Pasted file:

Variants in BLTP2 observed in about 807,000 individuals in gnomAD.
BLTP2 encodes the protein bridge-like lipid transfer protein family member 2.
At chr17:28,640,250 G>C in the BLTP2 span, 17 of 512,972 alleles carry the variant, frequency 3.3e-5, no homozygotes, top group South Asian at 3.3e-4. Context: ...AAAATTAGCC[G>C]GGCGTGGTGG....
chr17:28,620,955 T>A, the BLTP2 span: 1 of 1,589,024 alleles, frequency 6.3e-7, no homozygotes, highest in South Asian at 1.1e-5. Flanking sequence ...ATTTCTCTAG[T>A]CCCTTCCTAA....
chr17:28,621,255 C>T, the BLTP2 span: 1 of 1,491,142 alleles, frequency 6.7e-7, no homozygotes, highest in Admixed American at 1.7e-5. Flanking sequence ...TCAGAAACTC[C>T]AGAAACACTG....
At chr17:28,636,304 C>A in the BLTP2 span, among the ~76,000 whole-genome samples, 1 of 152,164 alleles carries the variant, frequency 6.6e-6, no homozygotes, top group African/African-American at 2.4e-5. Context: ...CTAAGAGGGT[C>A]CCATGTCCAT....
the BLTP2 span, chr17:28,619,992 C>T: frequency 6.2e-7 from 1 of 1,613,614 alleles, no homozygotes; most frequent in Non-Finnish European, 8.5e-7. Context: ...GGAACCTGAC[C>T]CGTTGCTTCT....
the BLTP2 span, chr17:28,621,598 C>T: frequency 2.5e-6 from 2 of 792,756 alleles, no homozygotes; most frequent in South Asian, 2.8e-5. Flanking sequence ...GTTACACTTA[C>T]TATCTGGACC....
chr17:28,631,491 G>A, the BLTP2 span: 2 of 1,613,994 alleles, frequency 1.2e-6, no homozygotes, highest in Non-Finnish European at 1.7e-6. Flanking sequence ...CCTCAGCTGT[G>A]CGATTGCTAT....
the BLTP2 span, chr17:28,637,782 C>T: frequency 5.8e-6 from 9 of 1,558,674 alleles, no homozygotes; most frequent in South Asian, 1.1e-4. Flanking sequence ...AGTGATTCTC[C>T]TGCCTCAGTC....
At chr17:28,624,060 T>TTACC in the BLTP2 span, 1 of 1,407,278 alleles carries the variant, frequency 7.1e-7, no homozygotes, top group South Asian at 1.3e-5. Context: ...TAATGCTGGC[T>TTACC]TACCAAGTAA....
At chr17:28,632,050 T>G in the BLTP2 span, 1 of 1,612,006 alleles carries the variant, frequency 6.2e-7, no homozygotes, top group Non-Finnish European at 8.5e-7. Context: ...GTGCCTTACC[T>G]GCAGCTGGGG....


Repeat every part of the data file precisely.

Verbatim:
Variants in BLTP2 observed in about 807,000 individuals in gnomAD.
BLTP2 encodes the protein bridge-like lipid transfer protein family member 2.
At chr17:28,640,250 G>C in the BLTP2 span, 17 of 512,972 alleles carry the variant, frequency 3.3e-5, no homozygotes, top group South Asian at 3.3e-4. Context: ...AAAATTAGCC[G>C]GGCGTGGTGG....
chr17:28,620,955 T>A, the BLTP2 span: 1 of 1,589,024 alleles, frequency 6.3e-7, no homozygotes, highest in South Asian at 1.1e-5. Flanking sequence ...ATTTCTCTAG[T>A]CCCTTCCTAA....
chr17:28,621,255 C>T, the BLTP2 span: 1 of 1,491,142 alleles, frequency 6.7e-7, no homozygotes, highest in Admixed American at 1.7e-5. Flanking sequence ...TCAGAAACTC[C>T]AGAAACACTG....
At chr17:28,636,304 C>A in the BLTP2 span, among the ~76,000 whole-genome samples, 1 of 152,164 alleles carries the variant, frequency 6.6e-6, no homozygotes, top group African/African-American at 2.4e-5. Context: ...CTAAGAGGGT[C>A]CCATGTCCAT....
the BLTP2 span, chr17:28,619,992 C>T: frequency 6.2e-7 from 1 of 1,613,614 alleles, no homozygotes; most frequent in Non-Finnish European, 8.5e-7. Context: ...GGAACCTGAC[C>T]CGTTGCTTCT....
the BLTP2 span, chr17:28,621,598 C>T: frequency 2.5e-6 from 2 of 792,756 alleles, no homozygotes; most frequent in South Asian, 2.8e-5. Flanking sequence ...GTTACACTTA[C>T]TATCTGGACC....
chr17:28,631,491 G>A, the BLTP2 span: 2 of 1,613,994 alleles, frequency 1.2e-6, no homozygotes, highest in Non-Finnish European at 1.7e-6. Flanking sequence ...CCTCAGCTGT[G>A]CGATTGCTAT....
the BLTP2 span, chr17:28,637,782 C>T: frequency 5.8e-6 from 9 of 1,558,674 alleles, no homozygotes; most frequent in South Asian, 1.1e-4. Flanking sequence ...AGTGATTCTC[C>T]TGCCTCAGTC....
At chr17:28,624,060 T>TTACC in the BLTP2 span, 1 of 1,407,278 alleles carries the variant, frequency 7.1e-7, no homozygotes, top group South Asian at 1.3e-5. Context: ...TAATGCTGGC[T>TTACC]TACCAAGTAA....
At chr17:28,632,050 T>G in the BLTP2 span, 1 of 1,612,006 alleles carries the variant, frequency 6.2e-7, no homozygotes, top group Non-Finnish European at 8.5e-7. Context: ...GTGCCTTACC[T>G]GCAGCTGGGG....